On one memorable Sunday in the Spring of 1969 – a time when Rangers were about to be relegated from their first ever season in the First Division – Charlie Ferris surpassed himself by organising a football tournament of gargantuan proportions. It was the usual spur of the moment stuff, Charlie appearing on the Estate, spreading the word, in that habitually furtive way of his, about the mega-event that he had planned to take place on the old Red Ash, just along from Rangers, that afternoon.
I was one of those kids, waylaid by Charlie in the vicinity of the Estate’s Catholic Church, whom he informed me that: “there will be a trophy and medals for the winners.”
Later that afternoon, it seemed as every boy on the Estate had excitedly made his way to the Red Ash, to participate in one of the profusion of hastily-assembled teams. The tournament went on for hours until an eventual winner prevailed.
However, it soon became apparent that the promised trophy and medals were conspicuous by their absence. It dawned on us that we had all been duped!
Charlie, thus rumbled, beat a hasty retreat out of the Red Ash in the direction of White City Station, with a posse of irate youngsters following on, hurling abuse at him, reminiscent of the scene in ‘The Adventures of Huckleberry Finn’, whereby the two old conmen, the Duke and the King, were run out of town by the angry townsfolk.
At least Charlie didn’t suffer their ignominious fate of being tarred and feathered! It was the funniest thing that I had seen since Goochie volunteered to referee a youth team game at Rangers in the preceding summer when the referee didn’t show up, and managed to incense the opposition so much that they were waiting for him outside afterwards.
Thankfully, our resident eccentric was somehow smuggled out of the ground unharmed. There was a reasonable crowd to witness all of this, as the match was staged on a Sunday when the tickets for the first-ever league game against Chelsea went on sale.
The ‘Incident of the Red Ash’ was the last time that I ever saw Charlie Ferris. As a new decade dawned, Charlie was never again to be seen on his old stomping ground. I never did know where he lived, but I’m almost certain that it wasn’t on the White City Estate. No one ever knew from whence he came or whither he went.
Charlie Ferris was reminiscent of that old ne’er-do-well comic character from the 60’s, Charlie Peace in ‘The Buster’, in the manner in which he would suddenly materialise and then, later on, just melt away. As with Peace, there was an almost ghost-like aspect about Charlie Ferris. We all knew him but, in a sense, he was unknowable; a mystery man, the very stuff of myths and legends.
I am further intrigued when I reflect on my mum’s memories of living in Paddington in the 1950’s, and her recollection of dear old Charlie getting up to precisely the same antics for which he became renowned on the White City Estate of the 1960’s.
Reminiscing with friends about our shared childhood on the White City, Charlie Ferris’s name would always be fondly evoked, and much amusement would be had recounting the old rascal’s exploits. Yet, he remained tantalisingly elusive.
In recent years I noticed a poster on the ‘We Are the Rangers Boys’ forum, had ‘Football the Charlie Ferris Way’ appended to all his posts, and I fruitlessly searched the site to see if he had elucidated or elaborated upon his guiding philosophy elsewhere.
Recently, a light-hearted thread was posted up on ‘You’re Probably From W12’, a local history and memories Facebook page, stating that ‘Charlie Ferris would have sorted out the NHS’ One particular contributor, prompted by this, enquired, ‘Where’s me medal, Charlie?’
He must have been there at the ‘Incident of the Red Ash’, or even another occasion when Charlie had pulled that stroke. I’m sure Charlie must have done that number on impressionable kids many times.
However, the poster never elaborated. Trying to piece together a full picture of Charlie Ferris from collective memories is difficult because they always seem to be random, one-off fragments.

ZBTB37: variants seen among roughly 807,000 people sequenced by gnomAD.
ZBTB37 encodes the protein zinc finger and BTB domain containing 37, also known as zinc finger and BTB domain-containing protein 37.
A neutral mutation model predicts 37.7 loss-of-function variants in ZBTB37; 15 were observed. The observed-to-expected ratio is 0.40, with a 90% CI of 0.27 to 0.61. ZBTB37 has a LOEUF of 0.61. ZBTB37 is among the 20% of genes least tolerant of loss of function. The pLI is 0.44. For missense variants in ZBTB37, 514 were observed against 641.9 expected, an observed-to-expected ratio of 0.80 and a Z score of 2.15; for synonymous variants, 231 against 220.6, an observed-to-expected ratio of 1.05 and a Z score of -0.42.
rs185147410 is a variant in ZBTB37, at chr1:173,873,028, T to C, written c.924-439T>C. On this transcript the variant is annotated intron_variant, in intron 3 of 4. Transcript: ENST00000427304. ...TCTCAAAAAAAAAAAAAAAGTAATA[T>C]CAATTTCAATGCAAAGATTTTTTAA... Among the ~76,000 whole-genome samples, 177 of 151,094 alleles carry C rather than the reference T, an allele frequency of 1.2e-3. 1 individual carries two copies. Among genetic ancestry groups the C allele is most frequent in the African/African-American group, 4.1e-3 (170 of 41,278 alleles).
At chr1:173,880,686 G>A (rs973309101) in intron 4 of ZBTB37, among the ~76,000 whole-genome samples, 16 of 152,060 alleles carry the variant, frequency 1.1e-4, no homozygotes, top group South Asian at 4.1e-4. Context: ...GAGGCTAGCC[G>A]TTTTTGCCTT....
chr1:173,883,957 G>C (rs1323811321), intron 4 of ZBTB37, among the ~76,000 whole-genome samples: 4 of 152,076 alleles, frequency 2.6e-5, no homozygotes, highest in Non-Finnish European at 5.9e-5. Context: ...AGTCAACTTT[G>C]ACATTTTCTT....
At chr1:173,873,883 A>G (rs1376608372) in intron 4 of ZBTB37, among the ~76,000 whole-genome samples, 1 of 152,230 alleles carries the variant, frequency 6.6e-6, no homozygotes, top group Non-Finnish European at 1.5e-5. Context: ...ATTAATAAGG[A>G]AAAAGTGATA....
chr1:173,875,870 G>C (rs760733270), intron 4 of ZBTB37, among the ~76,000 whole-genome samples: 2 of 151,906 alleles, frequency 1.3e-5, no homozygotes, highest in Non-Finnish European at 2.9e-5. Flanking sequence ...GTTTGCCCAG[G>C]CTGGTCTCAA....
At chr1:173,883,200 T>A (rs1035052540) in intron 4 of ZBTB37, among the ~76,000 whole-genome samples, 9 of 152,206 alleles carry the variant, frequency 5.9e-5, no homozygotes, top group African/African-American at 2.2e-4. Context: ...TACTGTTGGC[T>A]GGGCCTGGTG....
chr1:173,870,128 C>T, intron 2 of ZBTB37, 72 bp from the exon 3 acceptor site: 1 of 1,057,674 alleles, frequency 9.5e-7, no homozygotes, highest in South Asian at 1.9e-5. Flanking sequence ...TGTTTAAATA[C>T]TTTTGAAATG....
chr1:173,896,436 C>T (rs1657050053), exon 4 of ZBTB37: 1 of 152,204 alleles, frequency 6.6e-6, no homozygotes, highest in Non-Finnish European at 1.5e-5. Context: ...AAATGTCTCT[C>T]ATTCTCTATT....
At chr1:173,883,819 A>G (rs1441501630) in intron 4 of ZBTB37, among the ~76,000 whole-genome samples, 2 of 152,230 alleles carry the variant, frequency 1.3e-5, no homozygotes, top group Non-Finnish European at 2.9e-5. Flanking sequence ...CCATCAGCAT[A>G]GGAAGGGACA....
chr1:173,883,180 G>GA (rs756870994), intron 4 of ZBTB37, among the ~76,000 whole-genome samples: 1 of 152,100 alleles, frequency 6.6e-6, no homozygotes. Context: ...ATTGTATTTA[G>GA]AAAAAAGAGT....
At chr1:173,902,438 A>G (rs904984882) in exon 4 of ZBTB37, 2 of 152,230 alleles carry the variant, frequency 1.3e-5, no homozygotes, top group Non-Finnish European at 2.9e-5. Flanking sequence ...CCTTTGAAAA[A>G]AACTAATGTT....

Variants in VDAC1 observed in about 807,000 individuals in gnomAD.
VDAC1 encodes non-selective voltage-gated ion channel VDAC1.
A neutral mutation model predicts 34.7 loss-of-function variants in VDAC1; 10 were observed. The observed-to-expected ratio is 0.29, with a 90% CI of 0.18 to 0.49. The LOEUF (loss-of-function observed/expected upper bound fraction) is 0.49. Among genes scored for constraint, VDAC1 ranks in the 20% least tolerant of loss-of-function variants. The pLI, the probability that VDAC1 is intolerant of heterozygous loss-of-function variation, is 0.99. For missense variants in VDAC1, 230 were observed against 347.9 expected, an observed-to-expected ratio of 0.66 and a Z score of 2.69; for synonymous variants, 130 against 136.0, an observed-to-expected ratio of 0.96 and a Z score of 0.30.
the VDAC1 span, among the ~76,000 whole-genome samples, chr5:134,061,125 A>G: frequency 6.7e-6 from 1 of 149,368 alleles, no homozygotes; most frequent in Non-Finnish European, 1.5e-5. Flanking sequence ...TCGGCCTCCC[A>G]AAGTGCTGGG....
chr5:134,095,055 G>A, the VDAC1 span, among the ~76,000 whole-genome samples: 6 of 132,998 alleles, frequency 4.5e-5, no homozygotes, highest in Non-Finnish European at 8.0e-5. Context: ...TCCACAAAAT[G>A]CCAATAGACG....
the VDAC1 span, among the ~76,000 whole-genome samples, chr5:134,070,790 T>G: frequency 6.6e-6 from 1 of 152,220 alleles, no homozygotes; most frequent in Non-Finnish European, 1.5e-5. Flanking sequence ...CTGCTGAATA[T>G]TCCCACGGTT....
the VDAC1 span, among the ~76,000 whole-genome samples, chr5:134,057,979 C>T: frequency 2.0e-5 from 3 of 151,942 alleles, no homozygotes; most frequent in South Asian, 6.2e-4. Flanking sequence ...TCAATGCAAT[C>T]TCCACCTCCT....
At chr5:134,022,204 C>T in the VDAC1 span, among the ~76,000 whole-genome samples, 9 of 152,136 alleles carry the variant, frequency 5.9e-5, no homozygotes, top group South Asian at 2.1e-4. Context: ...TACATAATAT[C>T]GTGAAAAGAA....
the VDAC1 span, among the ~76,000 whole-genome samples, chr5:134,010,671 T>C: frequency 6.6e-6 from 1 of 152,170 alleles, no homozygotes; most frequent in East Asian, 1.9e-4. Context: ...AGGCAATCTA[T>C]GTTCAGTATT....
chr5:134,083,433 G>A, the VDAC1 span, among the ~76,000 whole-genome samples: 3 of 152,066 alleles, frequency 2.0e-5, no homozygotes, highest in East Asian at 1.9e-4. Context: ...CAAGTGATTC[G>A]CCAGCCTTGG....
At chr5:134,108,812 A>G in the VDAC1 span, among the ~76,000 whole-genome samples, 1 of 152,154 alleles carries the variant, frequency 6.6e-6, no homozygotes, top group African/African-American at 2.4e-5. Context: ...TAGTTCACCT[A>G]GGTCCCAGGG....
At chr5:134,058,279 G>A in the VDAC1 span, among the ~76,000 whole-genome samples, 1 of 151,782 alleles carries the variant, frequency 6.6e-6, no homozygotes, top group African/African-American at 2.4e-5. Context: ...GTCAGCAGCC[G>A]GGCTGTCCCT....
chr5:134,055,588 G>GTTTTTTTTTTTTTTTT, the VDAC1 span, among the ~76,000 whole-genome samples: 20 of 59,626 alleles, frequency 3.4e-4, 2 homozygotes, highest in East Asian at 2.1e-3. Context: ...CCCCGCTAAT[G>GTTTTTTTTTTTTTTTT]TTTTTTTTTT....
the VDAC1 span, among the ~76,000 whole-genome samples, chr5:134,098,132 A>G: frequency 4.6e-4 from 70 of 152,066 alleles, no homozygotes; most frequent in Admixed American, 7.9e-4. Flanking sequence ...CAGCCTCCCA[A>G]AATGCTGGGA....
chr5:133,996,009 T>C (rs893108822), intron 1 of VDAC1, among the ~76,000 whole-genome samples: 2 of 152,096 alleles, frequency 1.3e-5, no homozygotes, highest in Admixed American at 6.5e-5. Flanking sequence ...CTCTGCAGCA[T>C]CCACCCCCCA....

In December 2012, I thought that I would see if I could shed some light on the mysterious Mr Ferris by raising a query about him on the ‘Notes and Queries’ feature which runs every Wednesday on Rangers’ supporter, Robert Elms, fantastic BBC London show.
I was sure that the tales of Charlie Boy would be right up Robert’s street, and that his listeners would find them entertaining, but it was also a quest to elicit more memories and to discover more about him. Did anyone remember him, have any tales to relate, and, moreover, where did he live and what became of him?
Having raised the query in the first half hour of the show I eagerly awaited the half hour slot at 2pm, when the listeners come on air with their responses and answers to the questions. My query prompted one caller to share his memories. He confirmed Charlie’s working life as a market sweeper and as a vendor of monkey nuts at sporting events.
However, he placed Charlie at so many different sporting venues hawking his monkey nuts – Millwall, was one of them, I recall – that I think that there would have needed to have been ten Charlie Ferris’s to have been able to get around to them all!
It seemed as if he was describing a generic breed, rather than specifically Charlie. Mr Ferris was certainly ubiquitous, but I don’t think that even he could be in two places at once and to have had the time to get around to all the places that the caller ascribed to him.
One little quirk in the caller’s memory was his recollection of Charlie wearing a full-length, dark overcoat, which, he stated he wore all the year around, whatever the weather.
That didn’t tally with my memory, although – and this is true even in families – we all remember things differently. I don’t know if I felt any more enlightened about Charlie Ferris after the show, but it had been a highly enjoyable, and most diverting, afternoon.
I wonder how kids and adults would respond to a Charlie Ferris-type character nowadays? It was a different social climate back then and the likes of Charlie were a product of their times. Such characters were regarded as innocuous
eccentrics by adults in those days, and perhaps we children of the 60’s were more gullible and impressionable than our latter day counterparts.
However, unlike children today, ensconced away indoors with their various gadgets, we spent much of our time outdoors, and encountering these characters greatly added to the enjoyment of our adventures.
Charlie Ferris was an unforgettable, colourful character who brought much merriment to life on the White City Estate in the 1960’s. Perhaps I will never discover where he came from and what became of him – which, of course, serves to enhance the legend.